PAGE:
Georgetown, has been made the beneficiary of a gift of $160,000, provided
by the late Mrs. Louisa Elizabeth Wiess of Houston, mother of Harry C.
Wiess, president of the Humble Oil and Refining Company, and sister of
Mrs. C. S. Belford and the late Mrs. J. H. Hodges, both of Georgetown,
it was announced by University authorities in Houston Monday.
The gift was offered
prior to the death of Mrs. Wiess on condition that the University pay
off all indebtedness and raise an additional sum of $40,000 by March
1, 1937. The University was successful in meeting the conditions, and
last Saturday the South Texas Commercial National Bank delivered to the
trustees of the school the funds provided by Mrs. Wiess, cooperating with
her son, Mr. Harry C. Wiess.
campaign for funds to meet the conditions imposed by the Wiess gift was
conducted quietly. It is understood that about $60,000 of the $145,000
obtained was contributed by former students and friends of the University
Late in January
Dr. J. W. Bergin, president of the University, contacted the directors
of the Chamber of Commerce and laid down the program as submitted to the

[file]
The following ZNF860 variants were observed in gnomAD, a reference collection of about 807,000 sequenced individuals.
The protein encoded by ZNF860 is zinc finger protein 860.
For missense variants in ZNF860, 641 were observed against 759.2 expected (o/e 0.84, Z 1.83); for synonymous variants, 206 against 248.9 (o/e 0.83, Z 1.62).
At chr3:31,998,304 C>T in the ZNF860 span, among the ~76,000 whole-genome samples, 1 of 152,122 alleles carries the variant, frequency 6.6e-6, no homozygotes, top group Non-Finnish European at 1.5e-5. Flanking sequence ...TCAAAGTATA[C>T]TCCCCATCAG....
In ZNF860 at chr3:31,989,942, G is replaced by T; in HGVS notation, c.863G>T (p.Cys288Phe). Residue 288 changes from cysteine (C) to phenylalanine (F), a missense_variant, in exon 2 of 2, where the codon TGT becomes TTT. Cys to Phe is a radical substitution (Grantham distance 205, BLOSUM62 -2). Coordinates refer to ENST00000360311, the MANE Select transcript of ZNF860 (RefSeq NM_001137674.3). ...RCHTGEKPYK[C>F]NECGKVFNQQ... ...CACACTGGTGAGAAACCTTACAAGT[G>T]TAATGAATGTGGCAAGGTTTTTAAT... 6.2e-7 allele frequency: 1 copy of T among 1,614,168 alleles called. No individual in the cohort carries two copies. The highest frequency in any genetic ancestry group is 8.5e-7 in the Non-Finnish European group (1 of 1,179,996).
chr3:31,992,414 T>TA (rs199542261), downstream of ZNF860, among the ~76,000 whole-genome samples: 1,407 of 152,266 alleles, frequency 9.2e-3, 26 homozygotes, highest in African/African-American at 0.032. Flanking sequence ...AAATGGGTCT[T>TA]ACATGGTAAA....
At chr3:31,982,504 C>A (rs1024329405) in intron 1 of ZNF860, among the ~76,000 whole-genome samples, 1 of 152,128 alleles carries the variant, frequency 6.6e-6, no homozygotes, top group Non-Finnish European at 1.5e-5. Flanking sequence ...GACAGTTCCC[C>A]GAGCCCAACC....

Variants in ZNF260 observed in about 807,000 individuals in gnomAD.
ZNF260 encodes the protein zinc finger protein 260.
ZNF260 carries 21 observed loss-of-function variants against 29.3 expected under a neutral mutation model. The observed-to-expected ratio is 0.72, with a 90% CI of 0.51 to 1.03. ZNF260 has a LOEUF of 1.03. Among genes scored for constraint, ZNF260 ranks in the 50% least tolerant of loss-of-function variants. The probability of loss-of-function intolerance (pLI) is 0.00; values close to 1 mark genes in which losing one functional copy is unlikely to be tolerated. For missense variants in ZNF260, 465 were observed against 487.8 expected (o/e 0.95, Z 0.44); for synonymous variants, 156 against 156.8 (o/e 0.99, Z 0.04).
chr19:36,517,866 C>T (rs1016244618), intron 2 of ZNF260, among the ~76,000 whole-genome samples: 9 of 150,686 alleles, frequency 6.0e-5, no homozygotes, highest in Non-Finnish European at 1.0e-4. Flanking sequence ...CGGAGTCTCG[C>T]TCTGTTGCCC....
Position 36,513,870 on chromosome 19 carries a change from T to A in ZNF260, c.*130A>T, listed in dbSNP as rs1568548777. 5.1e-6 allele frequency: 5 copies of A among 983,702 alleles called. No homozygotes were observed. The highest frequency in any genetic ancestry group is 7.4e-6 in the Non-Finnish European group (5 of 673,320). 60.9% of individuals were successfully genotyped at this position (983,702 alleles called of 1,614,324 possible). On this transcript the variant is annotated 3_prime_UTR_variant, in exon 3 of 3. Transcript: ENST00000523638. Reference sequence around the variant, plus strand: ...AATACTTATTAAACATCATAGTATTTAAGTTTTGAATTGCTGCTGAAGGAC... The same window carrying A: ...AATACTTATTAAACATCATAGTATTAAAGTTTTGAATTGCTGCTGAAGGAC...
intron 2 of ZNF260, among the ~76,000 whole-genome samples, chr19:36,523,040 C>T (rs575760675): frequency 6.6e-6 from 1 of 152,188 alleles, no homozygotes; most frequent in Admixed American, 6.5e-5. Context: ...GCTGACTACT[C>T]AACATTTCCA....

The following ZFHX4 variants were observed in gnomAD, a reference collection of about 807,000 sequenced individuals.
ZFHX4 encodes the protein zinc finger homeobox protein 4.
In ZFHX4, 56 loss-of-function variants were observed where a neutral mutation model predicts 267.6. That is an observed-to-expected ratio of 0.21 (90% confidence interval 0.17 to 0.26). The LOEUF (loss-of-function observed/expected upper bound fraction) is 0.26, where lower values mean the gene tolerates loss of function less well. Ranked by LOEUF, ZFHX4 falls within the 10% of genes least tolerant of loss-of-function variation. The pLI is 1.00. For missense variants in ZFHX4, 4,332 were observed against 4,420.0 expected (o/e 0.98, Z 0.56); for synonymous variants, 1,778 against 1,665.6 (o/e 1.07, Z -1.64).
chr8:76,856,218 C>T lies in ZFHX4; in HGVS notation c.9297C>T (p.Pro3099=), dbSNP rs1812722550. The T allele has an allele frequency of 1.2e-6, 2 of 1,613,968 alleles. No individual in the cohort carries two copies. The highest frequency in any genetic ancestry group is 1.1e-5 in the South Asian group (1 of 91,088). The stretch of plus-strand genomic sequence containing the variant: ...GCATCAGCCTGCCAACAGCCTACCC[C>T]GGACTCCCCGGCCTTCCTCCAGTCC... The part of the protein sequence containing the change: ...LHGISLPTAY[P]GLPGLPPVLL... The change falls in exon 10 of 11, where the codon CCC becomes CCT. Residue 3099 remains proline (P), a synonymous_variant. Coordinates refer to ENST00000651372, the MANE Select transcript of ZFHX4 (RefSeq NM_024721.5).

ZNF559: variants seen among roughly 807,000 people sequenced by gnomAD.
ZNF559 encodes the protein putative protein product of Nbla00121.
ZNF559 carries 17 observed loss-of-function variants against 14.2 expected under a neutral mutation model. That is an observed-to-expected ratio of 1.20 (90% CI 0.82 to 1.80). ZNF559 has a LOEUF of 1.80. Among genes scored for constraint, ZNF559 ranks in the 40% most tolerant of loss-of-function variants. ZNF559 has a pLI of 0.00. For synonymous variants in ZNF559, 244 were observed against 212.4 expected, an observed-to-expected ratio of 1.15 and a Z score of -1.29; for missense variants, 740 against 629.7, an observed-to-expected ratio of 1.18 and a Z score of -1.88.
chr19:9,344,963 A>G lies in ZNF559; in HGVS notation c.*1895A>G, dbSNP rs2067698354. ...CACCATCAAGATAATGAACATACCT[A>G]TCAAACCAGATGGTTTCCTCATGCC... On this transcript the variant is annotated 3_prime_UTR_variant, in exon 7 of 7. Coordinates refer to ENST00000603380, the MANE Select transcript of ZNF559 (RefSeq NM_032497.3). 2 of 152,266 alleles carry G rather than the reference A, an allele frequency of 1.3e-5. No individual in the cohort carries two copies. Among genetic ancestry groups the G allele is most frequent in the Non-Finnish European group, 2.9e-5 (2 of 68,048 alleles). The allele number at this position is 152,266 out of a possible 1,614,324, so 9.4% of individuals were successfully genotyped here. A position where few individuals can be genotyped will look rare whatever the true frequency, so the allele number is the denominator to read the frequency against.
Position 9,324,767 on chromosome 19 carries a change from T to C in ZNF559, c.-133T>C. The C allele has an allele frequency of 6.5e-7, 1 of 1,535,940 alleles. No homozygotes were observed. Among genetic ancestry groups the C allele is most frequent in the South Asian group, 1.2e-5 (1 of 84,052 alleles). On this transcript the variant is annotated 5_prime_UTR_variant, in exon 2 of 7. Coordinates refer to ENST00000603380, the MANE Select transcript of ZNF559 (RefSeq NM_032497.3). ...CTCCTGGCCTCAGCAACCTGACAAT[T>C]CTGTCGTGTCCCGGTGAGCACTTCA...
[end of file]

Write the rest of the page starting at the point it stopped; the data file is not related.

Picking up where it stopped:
University by the Wiess estate. Dr. Bergin in his statement, explained
that the total debt of the University had been set at $135,000, which
included a substantial reduction in the amount owed a Missouri
life insurance company. In addition to that
amount, he said $40,000 would have to be met to comply with the conditions
of the grant.
He then proposed
to the directors that Georgetown raise
$30,000, which was half of the local indebtedness owed by the school.
The directors in executive session decided that th.... (??...... whole
line missing ..???) the drive.
A steering committee
composed of O. A. Engelbrecht, R. L. Gallaway, C. E. Harris and A. W.
Carlson was then named to direct the drive. Members of the soliciting
committee as named were A. W. Sillure, W. P. Hoffman Jr., Tom Lundblad,
A. Pieper, D. P. Irvine, Eric Lundblad, M. F. Smith, J. M. Sharpe, H.
G. Friedrich, J. Clint Rogers, Jack Gillum, J. T. Atkin, B. A. Wyatt,
Sam V. Stone, J. M. May, E. H. Eanes, D. W. . Wilcox, S. E. Wilcox, Robt.
W. Cooper, W. P. Young, F. E. Buchholz, B. J. Bruton, R. R. Messer, H.
E. Richardson, Jno. N. Ellyson, H. Winfrey.
Active work was commenced
after the formation of the organization, and by the latter part of. February
some $34,000 was turned over to University authorities by the committee.
Several days after the
filing of this report with the proper authorities, an emergency demand
was brought to the committee from Houston, where
it was revealed that some $16,000 more was needed to consummate the program.
The committee, together with a number of citizens, then put on a last-minute
drive, and within a few days had the desired amount raised, bringing